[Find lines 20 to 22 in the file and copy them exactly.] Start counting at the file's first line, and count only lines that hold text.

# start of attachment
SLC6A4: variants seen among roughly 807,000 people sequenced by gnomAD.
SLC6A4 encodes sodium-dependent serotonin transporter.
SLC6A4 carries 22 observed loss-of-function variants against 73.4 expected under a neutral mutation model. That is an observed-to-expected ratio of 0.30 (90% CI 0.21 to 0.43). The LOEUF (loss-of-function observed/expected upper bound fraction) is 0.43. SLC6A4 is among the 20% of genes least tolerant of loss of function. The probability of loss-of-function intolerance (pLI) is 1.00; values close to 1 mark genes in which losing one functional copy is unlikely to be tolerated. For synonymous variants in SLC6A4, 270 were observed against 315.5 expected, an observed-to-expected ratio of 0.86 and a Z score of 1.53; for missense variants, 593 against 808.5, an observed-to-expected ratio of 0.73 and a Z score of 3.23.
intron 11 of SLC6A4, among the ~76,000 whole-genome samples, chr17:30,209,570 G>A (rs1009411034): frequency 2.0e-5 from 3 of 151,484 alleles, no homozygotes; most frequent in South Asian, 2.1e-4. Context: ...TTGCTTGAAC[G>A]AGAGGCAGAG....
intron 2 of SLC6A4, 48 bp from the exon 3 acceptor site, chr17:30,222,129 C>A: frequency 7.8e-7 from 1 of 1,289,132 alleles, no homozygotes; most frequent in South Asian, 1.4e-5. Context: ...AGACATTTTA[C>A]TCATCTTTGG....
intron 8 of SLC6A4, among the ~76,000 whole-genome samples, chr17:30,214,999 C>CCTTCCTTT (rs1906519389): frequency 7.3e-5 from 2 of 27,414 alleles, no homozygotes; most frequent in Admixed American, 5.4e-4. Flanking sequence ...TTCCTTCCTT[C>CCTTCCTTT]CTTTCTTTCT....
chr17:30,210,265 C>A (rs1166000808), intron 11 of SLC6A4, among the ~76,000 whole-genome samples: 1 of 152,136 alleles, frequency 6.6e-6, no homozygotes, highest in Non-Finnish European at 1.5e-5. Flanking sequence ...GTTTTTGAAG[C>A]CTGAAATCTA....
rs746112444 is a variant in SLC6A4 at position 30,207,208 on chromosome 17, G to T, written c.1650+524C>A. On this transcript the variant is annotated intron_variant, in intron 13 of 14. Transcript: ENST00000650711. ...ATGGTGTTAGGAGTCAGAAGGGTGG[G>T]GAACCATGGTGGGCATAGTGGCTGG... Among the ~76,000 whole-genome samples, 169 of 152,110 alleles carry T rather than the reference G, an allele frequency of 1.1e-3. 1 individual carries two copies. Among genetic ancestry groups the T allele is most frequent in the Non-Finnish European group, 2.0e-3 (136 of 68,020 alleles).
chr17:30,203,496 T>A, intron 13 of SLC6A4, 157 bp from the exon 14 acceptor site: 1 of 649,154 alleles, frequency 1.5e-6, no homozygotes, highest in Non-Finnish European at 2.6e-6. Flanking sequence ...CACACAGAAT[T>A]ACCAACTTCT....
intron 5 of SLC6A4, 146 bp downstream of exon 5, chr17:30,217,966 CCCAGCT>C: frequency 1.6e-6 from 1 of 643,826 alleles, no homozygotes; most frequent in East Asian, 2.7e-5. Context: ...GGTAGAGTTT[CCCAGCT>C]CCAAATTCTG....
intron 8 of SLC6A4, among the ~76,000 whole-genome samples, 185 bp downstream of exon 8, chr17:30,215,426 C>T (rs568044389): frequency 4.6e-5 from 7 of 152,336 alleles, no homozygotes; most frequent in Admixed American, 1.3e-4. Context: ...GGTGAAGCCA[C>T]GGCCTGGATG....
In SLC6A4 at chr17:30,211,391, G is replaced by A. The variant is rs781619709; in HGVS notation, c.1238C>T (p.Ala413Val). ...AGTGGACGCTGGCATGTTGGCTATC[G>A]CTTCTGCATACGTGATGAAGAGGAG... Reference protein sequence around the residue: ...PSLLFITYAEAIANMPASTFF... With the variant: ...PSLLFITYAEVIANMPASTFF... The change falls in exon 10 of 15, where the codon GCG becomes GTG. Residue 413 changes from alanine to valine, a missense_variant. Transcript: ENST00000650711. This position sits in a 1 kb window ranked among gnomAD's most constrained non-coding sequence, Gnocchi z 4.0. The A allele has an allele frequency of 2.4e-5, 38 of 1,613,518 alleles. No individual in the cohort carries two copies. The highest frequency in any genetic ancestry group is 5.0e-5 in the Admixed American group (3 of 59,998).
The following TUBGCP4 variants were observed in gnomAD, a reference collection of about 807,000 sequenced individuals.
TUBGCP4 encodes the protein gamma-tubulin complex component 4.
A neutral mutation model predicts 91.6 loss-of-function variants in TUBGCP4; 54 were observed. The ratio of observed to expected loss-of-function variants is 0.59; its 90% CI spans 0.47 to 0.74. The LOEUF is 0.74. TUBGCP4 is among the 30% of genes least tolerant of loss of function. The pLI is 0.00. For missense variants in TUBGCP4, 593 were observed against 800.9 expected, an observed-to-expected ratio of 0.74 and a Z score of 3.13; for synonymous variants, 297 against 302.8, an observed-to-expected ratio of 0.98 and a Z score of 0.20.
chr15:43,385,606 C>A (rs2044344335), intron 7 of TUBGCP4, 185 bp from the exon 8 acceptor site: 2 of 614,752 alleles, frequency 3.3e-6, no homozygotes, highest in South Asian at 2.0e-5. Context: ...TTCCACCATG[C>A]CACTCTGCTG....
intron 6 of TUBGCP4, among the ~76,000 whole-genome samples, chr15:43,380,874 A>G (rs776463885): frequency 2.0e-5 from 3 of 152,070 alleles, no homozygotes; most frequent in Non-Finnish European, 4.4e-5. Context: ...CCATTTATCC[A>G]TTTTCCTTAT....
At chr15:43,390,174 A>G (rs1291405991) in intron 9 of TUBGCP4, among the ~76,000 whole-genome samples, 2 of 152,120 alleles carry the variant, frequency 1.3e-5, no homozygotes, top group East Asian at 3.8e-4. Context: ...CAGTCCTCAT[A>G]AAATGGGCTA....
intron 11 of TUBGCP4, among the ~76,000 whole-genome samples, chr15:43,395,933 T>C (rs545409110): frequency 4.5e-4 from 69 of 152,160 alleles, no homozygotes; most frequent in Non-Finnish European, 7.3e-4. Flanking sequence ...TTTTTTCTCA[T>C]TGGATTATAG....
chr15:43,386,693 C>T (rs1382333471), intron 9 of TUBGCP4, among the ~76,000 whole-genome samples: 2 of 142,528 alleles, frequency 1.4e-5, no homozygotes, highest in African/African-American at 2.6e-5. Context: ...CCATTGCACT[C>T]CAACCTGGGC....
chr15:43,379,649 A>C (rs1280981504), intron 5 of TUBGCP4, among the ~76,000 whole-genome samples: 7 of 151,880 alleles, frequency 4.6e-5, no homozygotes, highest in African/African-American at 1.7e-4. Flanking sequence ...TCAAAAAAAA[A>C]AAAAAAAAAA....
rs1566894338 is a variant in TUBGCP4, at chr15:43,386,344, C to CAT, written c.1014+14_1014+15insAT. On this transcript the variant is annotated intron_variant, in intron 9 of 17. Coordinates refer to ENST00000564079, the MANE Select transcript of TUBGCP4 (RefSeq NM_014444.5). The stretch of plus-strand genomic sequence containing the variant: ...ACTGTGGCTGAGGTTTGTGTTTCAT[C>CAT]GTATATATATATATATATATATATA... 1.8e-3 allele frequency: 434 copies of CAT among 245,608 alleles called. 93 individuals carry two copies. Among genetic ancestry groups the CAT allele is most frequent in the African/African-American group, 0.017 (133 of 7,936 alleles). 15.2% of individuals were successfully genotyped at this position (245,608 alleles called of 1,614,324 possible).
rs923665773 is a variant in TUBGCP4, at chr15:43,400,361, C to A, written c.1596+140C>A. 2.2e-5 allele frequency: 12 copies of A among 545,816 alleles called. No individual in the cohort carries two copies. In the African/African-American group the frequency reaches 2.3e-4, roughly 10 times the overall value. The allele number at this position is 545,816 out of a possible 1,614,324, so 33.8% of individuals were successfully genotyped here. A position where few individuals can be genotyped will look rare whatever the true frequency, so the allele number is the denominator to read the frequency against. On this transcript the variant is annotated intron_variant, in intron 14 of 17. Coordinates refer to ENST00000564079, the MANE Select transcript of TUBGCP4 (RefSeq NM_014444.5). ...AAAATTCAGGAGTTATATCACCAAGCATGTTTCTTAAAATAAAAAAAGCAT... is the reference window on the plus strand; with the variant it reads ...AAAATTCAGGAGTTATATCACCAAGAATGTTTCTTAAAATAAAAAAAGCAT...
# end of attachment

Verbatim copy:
chr15:43,386,693 C>T (rs1382333471), intron 9 of TUBGCP4, among the ~76,000 whole-genome samples: 2 of 142,528 alleles, frequency 1.4e-5, no homozygotes, highest in African/African-American at 2.6e-5. Context: ...CCATTGCACT[C>T]CAACCTGGGC....
chr15:43,379,649 A>C (rs1280981504), intron 5 of TUBGCP4, among the ~76,000 whole-genome samples: 7 of 151,880 alleles, frequency 4.6e-5, no homozygotes, highest in African/African-American at 1.7e-4. Flanking sequence ...TCAAAAAAAA[A>C]AAAAAAAAAA....
rs1566894338 is a variant in TUBGCP4, at chr15:43,386,344, C to CAT, written c.1014+14_1014+15insAT. On this transcript the variant is annotated intron_variant, in intron 9 of 17. Coordinates refer to ENST00000564079, the MANE Select transcript of TUBGCP4 (RefSeq NM_014444.5). The stretch of plus-strand genomic sequence containing the variant: ...ACTGTGGCTGAGGTTTGTGTTTCAT[C>CAT]GTATATATATATATATATATATATA... 1.8e-3 allele frequency: 434 copies of CAT among 245,608 alleles called. 93 individuals carry two copies. Among genetic ancestry groups the CAT allele is most frequent in the African/African-American group, 0.017 (133 of 7,936 alleles). 15.2% of individuals were successfully genotyped at this position (245,608 alleles called of 1,614,324 possible).